Sept. 11, 2013 -- Home Depot has intimidated thousands of customers accused of shoplifting into collectively paying millions of dollars to have such accusations dropped, even though the company has no intention of suing, a class-action suit alleges.
The suit claims that the big box retailer is using California's Civil Shopping Law as "a profit center" by arbitrarily seeking "damages" from accused customers.
According to the complaint, filed in Alameda, Calif., Superior Court, Jimin Chen and a friend went shopping at a Home Depot in San Leandro on June 6. Before loading lumber onto a cart, each man put on a pair of $3.99 work gloves, to protect their hands.
Before Chen's $1,445.90 purchase was rung up, says the complaint, he removed his gloves and left them on top of the merchandise in his cart, where they were plainly visible. The checkout personnel, however, failed to scan the gloves.
Immediately after Chen paid, and before he had left the store, he was accosted from behind, according to the complaint, by a Home Depot security guard, who told him he had failed to pay for the two pairs of gloves. Chen and his friend were taken into custody by Home Depot security for about 30 minutes, during which time Chen, because of stress and lack of air in the holding room, suffered an asthma attack.
"As panic set in due to plaintiff's asthma attack," says the complaint, "Home Depot's security guard placed plaintiff, who weighs about 115 pounds, in handcuffs."
The suit alleges that the two accused shoplifters were told they would be allowed to leave only if they submitted personal identifying information and signed a document agreeing to stay out of the store for 90 days. They complied. Upon their release from Home Depot detention, said the complaint, they were given a one-page document titled "Notice of Intent to Exercise the Rights and Potential Remedies of Home Depot."
They were not arrested, and the police were never called, according to the complaint.
Nevertheless, according to the complaint, the notice warned them that "You may face both criminal charges and a civil claim related to this incident." It also stated, "You will soon receive further information from the Home Depot's attorneys, (law offices of Palmer, Reifler and Associates) regarding demand for the civil penalty." Failure to respond promptly, it warned, might subject them to further liability.
On or around June 10, according to the complaint, Chen received a letter from the law firm demanding that he pay $350 within the next 20 days or else risk being sued by Home Depot for theft of merchandise. This "first demand letter," stated the lawsuit, "is a standard form letter that has been and continues to be sent to hundreds, if not thousands, of individuals accused by Home Depot of shoplifting from its stores in California."
When Chen did not respond, the suit alleges that he received a "second demand letter" dated July 5 telling him he now had to pay $625. It repeated the threats contained in the first letter, which included that he might be sued by Home Depot, and, that if he lost, Home Depot would seek "damages, attorney's fees and court costs up to the maximum amounts allowed by law, which could possibly exceed the amount demanded above." If Chen opted to pay by credit card, a "convenience fee" of $14.50 would apply.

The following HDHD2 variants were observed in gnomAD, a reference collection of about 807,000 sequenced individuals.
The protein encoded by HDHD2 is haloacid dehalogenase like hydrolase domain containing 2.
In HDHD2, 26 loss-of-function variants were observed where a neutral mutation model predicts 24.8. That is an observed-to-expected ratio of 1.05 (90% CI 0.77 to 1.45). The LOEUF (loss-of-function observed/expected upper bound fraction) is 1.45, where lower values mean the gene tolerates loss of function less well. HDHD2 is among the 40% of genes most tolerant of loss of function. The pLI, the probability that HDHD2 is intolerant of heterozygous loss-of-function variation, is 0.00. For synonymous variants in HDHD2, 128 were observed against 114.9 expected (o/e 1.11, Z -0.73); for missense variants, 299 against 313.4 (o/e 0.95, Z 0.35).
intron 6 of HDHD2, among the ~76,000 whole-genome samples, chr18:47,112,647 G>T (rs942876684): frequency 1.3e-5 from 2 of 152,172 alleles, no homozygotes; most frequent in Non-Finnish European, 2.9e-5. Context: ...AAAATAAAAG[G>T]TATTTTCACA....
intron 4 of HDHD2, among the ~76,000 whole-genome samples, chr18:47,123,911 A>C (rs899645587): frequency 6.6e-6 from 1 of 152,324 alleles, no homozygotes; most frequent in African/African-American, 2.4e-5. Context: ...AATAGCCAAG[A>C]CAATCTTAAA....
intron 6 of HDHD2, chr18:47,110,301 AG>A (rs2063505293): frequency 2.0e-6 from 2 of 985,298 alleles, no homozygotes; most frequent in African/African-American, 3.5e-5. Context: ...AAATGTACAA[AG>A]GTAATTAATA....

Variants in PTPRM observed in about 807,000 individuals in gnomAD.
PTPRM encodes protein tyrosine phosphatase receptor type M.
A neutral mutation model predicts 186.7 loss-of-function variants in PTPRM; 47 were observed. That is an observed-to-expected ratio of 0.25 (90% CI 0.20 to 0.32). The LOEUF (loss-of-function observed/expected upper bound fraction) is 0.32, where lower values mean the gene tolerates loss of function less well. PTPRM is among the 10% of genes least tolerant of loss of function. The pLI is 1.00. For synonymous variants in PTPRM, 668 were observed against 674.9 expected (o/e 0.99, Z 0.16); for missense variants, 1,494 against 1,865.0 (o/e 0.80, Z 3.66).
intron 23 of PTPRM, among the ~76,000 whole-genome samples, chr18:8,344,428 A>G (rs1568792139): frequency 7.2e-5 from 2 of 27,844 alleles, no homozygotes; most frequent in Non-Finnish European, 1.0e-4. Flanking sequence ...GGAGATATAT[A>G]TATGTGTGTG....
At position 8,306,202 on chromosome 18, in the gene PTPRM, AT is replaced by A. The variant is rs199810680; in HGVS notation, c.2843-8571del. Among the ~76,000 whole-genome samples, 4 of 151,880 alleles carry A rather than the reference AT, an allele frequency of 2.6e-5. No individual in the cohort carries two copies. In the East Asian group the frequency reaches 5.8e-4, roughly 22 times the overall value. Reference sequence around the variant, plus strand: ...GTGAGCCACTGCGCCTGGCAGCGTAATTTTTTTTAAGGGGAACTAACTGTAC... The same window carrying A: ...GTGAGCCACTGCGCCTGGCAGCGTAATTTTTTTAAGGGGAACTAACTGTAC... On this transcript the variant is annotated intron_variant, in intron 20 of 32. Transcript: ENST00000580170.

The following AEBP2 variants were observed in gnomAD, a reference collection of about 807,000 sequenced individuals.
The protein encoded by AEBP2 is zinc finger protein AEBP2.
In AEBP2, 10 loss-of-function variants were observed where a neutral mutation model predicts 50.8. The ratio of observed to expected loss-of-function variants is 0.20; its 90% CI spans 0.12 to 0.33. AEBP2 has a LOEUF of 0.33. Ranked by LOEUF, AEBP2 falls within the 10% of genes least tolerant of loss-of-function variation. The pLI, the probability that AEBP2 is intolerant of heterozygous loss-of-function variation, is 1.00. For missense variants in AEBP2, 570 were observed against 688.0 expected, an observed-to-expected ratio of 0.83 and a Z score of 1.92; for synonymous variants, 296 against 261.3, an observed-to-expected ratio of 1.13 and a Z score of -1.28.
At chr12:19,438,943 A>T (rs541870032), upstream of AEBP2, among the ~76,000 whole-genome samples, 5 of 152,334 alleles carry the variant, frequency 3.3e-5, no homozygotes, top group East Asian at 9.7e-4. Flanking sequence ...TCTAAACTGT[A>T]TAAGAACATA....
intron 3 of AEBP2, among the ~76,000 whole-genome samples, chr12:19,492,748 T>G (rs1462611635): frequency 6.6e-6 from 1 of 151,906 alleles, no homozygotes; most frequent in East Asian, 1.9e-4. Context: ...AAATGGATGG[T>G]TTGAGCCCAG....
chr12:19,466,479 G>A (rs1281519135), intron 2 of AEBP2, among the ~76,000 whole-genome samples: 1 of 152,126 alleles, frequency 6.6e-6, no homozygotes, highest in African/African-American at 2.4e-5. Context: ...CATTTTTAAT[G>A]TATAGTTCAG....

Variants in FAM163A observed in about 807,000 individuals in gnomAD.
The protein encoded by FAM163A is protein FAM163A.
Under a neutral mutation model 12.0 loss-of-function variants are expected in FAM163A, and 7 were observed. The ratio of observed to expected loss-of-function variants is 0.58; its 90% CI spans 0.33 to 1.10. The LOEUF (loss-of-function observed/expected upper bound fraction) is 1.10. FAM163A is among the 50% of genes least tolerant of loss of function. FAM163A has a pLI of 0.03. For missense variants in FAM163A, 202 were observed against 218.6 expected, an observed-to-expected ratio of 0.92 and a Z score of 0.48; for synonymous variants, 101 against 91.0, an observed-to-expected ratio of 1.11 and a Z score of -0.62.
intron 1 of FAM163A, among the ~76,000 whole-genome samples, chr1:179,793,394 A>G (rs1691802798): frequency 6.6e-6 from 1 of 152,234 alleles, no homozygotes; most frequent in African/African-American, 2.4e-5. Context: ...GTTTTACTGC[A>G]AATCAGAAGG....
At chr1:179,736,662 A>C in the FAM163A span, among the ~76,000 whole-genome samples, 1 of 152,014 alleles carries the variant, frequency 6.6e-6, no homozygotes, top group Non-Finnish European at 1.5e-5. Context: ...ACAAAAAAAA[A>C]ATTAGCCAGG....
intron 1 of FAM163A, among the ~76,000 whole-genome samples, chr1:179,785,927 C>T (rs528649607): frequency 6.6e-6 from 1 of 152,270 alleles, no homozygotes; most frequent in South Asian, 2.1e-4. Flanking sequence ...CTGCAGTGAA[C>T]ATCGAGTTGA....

Christian Schreiber, of the Mill Valley law firm Chavez & Gertler, is one of the attorneys representing Chen. In court papers, he calls the demand letters a "fraudulent business practice" because they are "likely to deceive members of the public as to their legal rights and obligations."
Schreiber told ABC News that these demand letters are specious. He claims Home Depot in the past four years has brought not a single lawsuit under California's anti-shoplifting law, which allows merchants to recover the cost of stolen items. Nor in that same time, he said, had Palmer, Reifler sued a single Home Depot customer accused of shoplifting.
Home Depot and the law firm, he said, were playing a numbers game: They don't need to go to the trouble and expense of suing. They just need to scare enough people, whether guilty or innocent, into settling their claims. About 20 percent of people who get the threatening letters, he said, settle and pay the demanded fees. That practice, he said, nets the law firm, which provides the same service for other retail clients, millions of dollars. The firm remits about 75 percent of what it collects to clients, such as Home Depot, and keeps the rest, he says.
Since clients pay the law firm nothing, the money from demand letters amounts to gravy, said Schreiber.
According to the National Association for Shoplifting Prevention (NASP), more than $13 billion worth of goods are stolen from retailers every year--more than $35 million per day. More than 10 million people have been caught shoplifting in the past five years, says NASP.
In response to a request for comment from ABC News, a spokesman for Home Depot said that although the retailer had not yet had time to review the complaint, "We do disagree that the general practice of [making] civil demands is unlawful."
Palmer, Reifler, asked for comment by ABC, did not respond. The law firm is not named as a party to the class action.
Natt Reifler, one of Palmer, Reifler's principals, was deposed in 2007 for an unrelated lawsuit. Asked how much money Palmer, Reifler collects on behalf of its clients, he replied, "under $10 million a year." The firm's typical contingency fee, he said, was between 18 percent and 30 percent. Asked to name the firm's biggest clients (as of January 2007), he responded, "The top five would probably include Walmart, Kmart, J.C. Penny, Walgreens, possibly. It's hard to say who the fifth would be."